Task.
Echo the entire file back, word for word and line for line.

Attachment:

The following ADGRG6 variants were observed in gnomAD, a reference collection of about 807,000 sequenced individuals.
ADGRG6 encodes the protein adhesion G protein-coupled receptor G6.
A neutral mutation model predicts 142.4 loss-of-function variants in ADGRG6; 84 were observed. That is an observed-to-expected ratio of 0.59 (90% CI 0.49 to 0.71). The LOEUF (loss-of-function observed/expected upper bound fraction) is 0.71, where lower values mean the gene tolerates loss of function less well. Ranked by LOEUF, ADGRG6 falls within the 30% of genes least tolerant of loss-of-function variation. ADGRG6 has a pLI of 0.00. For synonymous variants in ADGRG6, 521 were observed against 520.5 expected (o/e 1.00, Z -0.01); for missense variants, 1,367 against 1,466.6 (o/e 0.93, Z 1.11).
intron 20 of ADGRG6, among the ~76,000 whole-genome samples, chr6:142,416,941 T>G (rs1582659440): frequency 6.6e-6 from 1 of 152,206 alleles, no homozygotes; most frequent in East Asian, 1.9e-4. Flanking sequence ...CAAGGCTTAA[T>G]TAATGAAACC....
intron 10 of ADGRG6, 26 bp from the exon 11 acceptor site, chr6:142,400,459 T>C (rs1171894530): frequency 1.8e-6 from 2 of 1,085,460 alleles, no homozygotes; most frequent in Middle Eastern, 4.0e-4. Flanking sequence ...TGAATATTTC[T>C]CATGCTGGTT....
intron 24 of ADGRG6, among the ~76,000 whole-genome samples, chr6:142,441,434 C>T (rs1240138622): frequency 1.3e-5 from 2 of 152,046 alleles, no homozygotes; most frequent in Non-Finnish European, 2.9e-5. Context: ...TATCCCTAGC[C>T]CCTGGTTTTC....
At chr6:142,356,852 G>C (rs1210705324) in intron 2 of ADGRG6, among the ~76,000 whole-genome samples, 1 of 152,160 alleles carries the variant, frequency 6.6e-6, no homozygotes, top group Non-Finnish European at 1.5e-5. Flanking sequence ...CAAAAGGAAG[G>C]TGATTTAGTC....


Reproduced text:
The following ADGRG6 variants were observed in gnomAD, a reference collection of about 807,000 sequenced individuals.
ADGRG6 encodes the protein adhesion G protein-coupled receptor G6.
A neutral mutation model predicts 142.4 loss-of-function variants in ADGRG6; 84 were observed. That is an observed-to-expected ratio of 0.59 (90% CI 0.49 to 0.71). The LOEUF (loss-of-function observed/expected upper bound fraction) is 0.71, where lower values mean the gene tolerates loss of function less well. Ranked by LOEUF, ADGRG6 falls within the 30% of genes least tolerant of loss-of-function variation. ADGRG6 has a pLI of 0.00. For synonymous variants in ADGRG6, 521 were observed against 520.5 expected (o/e 1.00, Z -0.01); for missense variants, 1,367 against 1,466.6 (o/e 0.93, Z 1.11).
intron 20 of ADGRG6, among the ~76,000 whole-genome samples, chr6:142,416,941 T>G (rs1582659440): frequency 6.6e-6 from 1 of 152,206 alleles, no homozygotes; most frequent in East Asian, 1.9e-4. Flanking sequence ...CAAGGCTTAA[T>G]TAATGAAACC....
intron 10 of ADGRG6, 26 bp from the exon 11 acceptor site, chr6:142,400,459 T>C (rs1171894530): frequency 1.8e-6 from 2 of 1,085,460 alleles, no homozygotes; most frequent in Middle Eastern, 4.0e-4. Flanking sequence ...TGAATATTTC[T>C]CATGCTGGTT....
intron 24 of ADGRG6, among the ~76,000 whole-genome samples, chr6:142,441,434 C>T (rs1240138622): frequency 1.3e-5 from 2 of 152,046 alleles, no homozygotes; most frequent in Non-Finnish European, 2.9e-5. Context: ...TATCCCTAGC[C>T]CCTGGTTTTC....
At chr6:142,356,852 G>C (rs1210705324) in intron 2 of ADGRG6, among the ~76,000 whole-genome samples, 1 of 152,160 alleles carries the variant, frequency 6.6e-6, no homozygotes, top group Non-Finnish European at 1.5e-5. Flanking sequence ...CAAAAGGAAG[G>C]TGATTTAGTC....